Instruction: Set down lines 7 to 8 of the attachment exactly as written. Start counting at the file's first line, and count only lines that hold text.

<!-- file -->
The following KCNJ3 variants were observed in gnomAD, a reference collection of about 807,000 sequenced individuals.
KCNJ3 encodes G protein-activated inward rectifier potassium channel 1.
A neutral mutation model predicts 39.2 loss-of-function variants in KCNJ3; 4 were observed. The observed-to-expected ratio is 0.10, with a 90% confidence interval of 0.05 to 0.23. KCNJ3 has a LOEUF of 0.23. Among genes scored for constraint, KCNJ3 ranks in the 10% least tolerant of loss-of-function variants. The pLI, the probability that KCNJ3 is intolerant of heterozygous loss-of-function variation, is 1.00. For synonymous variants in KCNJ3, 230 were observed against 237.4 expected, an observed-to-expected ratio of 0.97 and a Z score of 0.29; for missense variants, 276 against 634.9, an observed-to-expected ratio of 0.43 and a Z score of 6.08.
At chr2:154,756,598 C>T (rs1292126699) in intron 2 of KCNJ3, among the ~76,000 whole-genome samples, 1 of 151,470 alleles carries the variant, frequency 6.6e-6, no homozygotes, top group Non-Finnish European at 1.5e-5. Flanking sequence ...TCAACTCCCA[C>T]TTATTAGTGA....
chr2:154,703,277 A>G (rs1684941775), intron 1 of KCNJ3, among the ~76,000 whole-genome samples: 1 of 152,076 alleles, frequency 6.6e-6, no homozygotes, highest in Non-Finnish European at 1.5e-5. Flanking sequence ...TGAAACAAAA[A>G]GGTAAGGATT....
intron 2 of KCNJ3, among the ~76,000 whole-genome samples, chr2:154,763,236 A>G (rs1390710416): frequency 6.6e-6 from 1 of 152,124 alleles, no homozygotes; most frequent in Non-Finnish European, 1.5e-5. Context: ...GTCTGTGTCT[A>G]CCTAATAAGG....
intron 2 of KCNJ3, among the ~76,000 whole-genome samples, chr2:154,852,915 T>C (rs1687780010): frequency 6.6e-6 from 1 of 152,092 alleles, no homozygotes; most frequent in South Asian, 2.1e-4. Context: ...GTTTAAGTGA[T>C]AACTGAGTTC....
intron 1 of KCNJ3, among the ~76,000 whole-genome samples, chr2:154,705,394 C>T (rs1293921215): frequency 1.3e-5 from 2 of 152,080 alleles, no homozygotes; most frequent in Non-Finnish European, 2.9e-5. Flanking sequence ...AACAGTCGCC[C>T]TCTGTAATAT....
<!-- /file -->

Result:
intron 2 of KCNJ3, among the ~76,000 whole-genome samples, chr2:154,852,915 T>C (rs1687780010): frequency 6.6e-6 from 1 of 152,092 alleles, no homozygotes; most frequent in South Asian, 2.1e-4. Context: ...GTTTAAGTGA[T>C]AACTGAGTTC....
intron 1 of KCNJ3, among the ~76,000 whole-genome samples, chr2:154,705,394 C>T (rs1293921215): frequency 1.3e-5 from 2 of 152,080 alleles, no homozygotes; most frequent in Non-Finnish European, 2.9e-5. Flanking sequence ...AACAGTCGCC[C>T]TCTGTAATAT....